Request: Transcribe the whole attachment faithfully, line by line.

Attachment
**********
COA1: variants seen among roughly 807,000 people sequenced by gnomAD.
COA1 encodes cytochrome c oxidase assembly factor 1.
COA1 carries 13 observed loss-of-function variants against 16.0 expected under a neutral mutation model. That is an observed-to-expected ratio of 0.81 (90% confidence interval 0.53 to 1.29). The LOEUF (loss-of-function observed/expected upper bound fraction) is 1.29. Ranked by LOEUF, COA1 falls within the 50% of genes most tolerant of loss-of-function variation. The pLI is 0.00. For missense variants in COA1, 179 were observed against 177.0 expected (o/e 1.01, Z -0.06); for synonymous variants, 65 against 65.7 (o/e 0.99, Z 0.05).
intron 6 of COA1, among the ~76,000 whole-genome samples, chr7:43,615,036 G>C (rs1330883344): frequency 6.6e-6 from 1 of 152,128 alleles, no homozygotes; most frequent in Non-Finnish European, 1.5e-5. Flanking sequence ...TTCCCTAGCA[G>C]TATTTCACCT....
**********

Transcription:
COA1: variants seen among roughly 807,000 people sequenced by gnomAD.
COA1 encodes cytochrome c oxidase assembly factor 1.
COA1 carries 13 observed loss-of-function variants against 16.0 expected under a neutral mutation model. That is an observed-to-expected ratio of 0.81 (90% confidence interval 0.53 to 1.29). The LOEUF (loss-of-function observed/expected upper bound fraction) is 1.29. Ranked by LOEUF, COA1 falls within the 50% of genes most tolerant of loss-of-function variation. The pLI is 0.00. For missense variants in COA1, 179 were observed against 177.0 expected (o/e 1.01, Z -0.06); for synonymous variants, 65 against 65.7 (o/e 0.99, Z 0.05).
intron 6 of COA1, among the ~76,000 whole-genome samples, chr7:43,615,036 G>C (rs1330883344): frequency 6.6e-6 from 1 of 152,128 alleles, no homozygotes; most frequent in Non-Finnish European, 1.5e-5. Flanking sequence ...TTCCCTAGCA[G>C]TATTTCACCT....